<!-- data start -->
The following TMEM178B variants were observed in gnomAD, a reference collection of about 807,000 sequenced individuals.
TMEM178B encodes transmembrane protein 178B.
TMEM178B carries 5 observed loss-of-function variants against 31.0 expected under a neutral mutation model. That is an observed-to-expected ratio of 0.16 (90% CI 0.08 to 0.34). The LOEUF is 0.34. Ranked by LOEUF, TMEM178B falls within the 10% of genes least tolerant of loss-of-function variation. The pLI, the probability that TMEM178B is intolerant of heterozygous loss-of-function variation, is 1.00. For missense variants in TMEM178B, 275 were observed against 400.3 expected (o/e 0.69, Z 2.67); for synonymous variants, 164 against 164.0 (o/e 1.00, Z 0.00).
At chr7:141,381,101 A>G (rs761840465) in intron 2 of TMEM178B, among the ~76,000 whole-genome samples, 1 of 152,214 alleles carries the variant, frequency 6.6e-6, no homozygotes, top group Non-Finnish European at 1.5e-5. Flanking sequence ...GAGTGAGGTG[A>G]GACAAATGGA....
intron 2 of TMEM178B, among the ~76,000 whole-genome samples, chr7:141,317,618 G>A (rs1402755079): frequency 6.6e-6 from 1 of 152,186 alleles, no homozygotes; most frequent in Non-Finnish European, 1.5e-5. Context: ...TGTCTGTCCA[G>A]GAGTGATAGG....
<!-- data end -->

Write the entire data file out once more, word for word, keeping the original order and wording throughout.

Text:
The following TMEM178B variants were observed in gnomAD, a reference collection of about 807,000 sequenced individuals.
TMEM178B encodes transmembrane protein 178B.
TMEM178B carries 5 observed loss-of-function variants against 31.0 expected under a neutral mutation model. That is an observed-to-expected ratio of 0.16 (90% CI 0.08 to 0.34). The LOEUF is 0.34. Ranked by LOEUF, TMEM178B falls within the 10% of genes least tolerant of loss-of-function variation. The pLI, the probability that TMEM178B is intolerant of heterozygous loss-of-function variation, is 1.00. For missense variants in TMEM178B, 275 were observed against 400.3 expected (o/e 0.69, Z 2.67); for synonymous variants, 164 against 164.0 (o/e 1.00, Z 0.00).
At chr7:141,381,101 A>G (rs761840465) in intron 2 of TMEM178B, among the ~76,000 whole-genome samples, 1 of 152,214 alleles carries the variant, frequency 6.6e-6, no homozygotes, top group Non-Finnish European at 1.5e-5. Flanking sequence ...GAGTGAGGTG[A>G]GACAAATGGA....
intron 2 of TMEM178B, among the ~76,000 whole-genome samples, chr7:141,317,618 G>A (rs1402755079): frequency 6.6e-6 from 1 of 152,186 alleles, no homozygotes; most frequent in Non-Finnish European, 1.5e-5. Context: ...TGTCTGTCCA[G>A]GAGTGATAGG....